Volume 100Special Supplement

Emergency Preparedness

When disasters strike, people with disabilities are not left out of the destruction and turmoil that follow. In recent years, people with disabilities have become increasingly active in the dialogue surrounding emergency preparedness and have called on the government to confront the issue of disaster planning for people with disabilities. As a result, government and disaster response organizations have taken several steps that can help to improve options for people with disabilities during emergencies, and to increase preparedness activities and overall communication. Although states and localities have established offices of emergency management, this article will briefly touch on some of the federal initiatives and programs that have emerged to address special needs populations. These programs are fairly new and were introduced by the top-ranking federal leadership.

Under an executive order signed by President George W. Bush on July 22, 2004, the Department of Homeland Security was charged with aggressively exploring the matter of addressing the emergency response needs of disabled populations, and established an interagency council for that purpose. This action expanded on the president's "New Freedom Initiative," a series of policies designed to advance the interests of people with disabilities by directing the federal government to address the safety and security needs of this population.

At the first meeting of the Interagency Coordinating Council on Emergency Preparedness and Individuals with Disabilities, held at the Department of Homeland Security, senior federal government officials reported on significant new policy initiatives that aim to better integrate people with disabilities in the emergency preparedness effort.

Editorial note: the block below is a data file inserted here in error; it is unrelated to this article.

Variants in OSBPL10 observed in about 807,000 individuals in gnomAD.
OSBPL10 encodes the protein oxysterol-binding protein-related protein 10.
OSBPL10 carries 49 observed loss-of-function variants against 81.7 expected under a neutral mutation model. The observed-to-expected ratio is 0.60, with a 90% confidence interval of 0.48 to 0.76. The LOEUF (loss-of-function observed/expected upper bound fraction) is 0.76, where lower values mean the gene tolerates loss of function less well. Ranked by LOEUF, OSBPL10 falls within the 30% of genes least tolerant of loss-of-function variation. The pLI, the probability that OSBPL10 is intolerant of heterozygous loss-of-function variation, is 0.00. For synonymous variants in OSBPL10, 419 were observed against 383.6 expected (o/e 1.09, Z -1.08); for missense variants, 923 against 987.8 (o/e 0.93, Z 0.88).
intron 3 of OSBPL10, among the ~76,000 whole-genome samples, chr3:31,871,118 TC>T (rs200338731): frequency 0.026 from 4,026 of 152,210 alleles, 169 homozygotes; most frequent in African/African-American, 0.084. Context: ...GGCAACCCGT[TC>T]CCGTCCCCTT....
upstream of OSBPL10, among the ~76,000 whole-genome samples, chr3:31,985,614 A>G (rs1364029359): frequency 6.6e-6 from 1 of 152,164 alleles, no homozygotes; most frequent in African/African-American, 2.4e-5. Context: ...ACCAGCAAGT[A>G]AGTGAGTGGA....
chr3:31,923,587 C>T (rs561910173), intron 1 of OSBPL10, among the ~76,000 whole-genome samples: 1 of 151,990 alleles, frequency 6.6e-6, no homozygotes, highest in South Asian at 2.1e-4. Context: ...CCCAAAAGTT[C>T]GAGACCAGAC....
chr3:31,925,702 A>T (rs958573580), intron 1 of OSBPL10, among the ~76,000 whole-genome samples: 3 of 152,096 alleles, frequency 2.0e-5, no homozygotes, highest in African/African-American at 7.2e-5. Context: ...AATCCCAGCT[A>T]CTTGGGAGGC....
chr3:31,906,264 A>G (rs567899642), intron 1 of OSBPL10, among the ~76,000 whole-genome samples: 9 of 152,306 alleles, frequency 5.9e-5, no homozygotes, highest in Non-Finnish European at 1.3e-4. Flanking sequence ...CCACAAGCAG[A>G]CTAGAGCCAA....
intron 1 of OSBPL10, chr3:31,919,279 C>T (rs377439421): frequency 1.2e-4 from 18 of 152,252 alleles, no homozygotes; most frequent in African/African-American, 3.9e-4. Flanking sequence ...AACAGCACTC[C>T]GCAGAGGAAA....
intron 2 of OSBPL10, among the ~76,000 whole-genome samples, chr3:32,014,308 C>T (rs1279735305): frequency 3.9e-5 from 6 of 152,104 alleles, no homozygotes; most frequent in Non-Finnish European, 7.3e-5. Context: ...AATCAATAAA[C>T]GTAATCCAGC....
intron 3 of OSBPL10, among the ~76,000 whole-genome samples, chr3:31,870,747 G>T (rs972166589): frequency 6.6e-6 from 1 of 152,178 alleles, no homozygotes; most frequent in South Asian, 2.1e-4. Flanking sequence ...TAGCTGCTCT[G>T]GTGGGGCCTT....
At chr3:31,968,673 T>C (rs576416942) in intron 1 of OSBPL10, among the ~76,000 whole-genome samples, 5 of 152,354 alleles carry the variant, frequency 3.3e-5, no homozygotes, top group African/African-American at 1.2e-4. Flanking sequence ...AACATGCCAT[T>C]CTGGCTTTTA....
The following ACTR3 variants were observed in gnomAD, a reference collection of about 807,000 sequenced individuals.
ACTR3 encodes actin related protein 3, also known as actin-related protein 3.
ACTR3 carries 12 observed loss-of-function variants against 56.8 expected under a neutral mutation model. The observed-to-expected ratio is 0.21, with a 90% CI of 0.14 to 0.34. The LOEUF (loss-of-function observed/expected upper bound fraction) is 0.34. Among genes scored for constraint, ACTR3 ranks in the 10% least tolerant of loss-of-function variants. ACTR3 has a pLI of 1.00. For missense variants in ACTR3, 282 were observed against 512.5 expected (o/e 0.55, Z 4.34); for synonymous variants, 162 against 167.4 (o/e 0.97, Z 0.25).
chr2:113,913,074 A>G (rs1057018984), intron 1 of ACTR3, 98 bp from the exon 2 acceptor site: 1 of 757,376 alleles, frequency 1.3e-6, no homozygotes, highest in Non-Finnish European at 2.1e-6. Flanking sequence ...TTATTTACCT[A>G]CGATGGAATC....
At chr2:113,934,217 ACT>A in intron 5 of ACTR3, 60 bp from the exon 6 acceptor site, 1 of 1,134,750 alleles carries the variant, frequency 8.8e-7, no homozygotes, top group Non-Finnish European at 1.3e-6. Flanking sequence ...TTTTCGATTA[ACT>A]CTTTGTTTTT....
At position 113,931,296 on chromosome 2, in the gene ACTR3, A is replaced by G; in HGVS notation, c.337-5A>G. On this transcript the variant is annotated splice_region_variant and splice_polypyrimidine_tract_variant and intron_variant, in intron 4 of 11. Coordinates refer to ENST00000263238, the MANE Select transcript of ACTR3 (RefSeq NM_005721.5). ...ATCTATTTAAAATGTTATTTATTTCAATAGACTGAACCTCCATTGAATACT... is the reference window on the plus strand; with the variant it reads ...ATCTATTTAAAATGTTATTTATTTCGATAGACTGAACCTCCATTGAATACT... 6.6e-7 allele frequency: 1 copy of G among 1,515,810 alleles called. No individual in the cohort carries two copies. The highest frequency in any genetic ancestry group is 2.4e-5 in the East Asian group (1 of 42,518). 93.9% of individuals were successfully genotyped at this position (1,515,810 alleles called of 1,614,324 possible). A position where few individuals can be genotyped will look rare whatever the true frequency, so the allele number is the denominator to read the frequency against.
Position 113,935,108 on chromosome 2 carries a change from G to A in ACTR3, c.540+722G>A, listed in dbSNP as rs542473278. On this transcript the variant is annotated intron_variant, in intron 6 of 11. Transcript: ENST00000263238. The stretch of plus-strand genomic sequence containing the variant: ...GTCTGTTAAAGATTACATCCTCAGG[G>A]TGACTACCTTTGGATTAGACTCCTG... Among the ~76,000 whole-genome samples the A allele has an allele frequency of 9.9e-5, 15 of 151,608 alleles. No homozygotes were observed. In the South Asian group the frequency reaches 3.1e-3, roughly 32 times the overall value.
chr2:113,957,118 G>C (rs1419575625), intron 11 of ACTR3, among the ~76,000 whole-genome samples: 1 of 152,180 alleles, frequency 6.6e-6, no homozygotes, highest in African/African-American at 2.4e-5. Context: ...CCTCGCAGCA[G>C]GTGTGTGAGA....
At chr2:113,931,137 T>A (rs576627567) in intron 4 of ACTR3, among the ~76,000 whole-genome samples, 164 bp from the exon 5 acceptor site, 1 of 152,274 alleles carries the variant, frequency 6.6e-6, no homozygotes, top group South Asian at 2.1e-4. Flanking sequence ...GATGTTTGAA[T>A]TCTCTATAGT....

Details of the initiatives

R. Alexander Acosta, assistant attorney general of the Civil Rights Division at the Department of Justice, announced the release of a new technical assistance document, "Making Community Emergency Preparedness and Response Programs Accessible to People with Disabilities." It offers guidance to local officials in making emergency preparedness plans consistent with the requirements of Title II of the Americans with Disabilities Act. Acosta also reviewed the department's work promoting emergency preparedness for people with disabilities through "Project Civic Access," which has resulted in more than 100 agreements with towns and counties across the country ensuring access to their public facilities, programs, and services, including emergency preparedness efforts.

Troy Justesen, acting assistant secretary of the Office for Special Education and Rehabilitation Services, announced that the National Institute for Disability and Rehabilitation Research committed close to $1 million for emergency preparedness research. The research will include a project to improve the egress during emergencies of individuals with disabilities from buildings and other settings. A lot was learned about egress for individuals who are blind or visually impaired during the evacuation of the World Trade Center and the Pentagon on September 11, 2001. The National Instititute on Disability and Rehabilitation Research continued to expand its research in this area and hosted a two-day conference in October of 2002 on these issues. In addition, the Rehabilitation Services Administration awarded $1 million to the National Organization on Disability's Emergency Preparedness Initiative (ODEP) to assist communities, governments, and federal agencies in developing plans that will ensure the safety and security of people with disabilities in emergencies.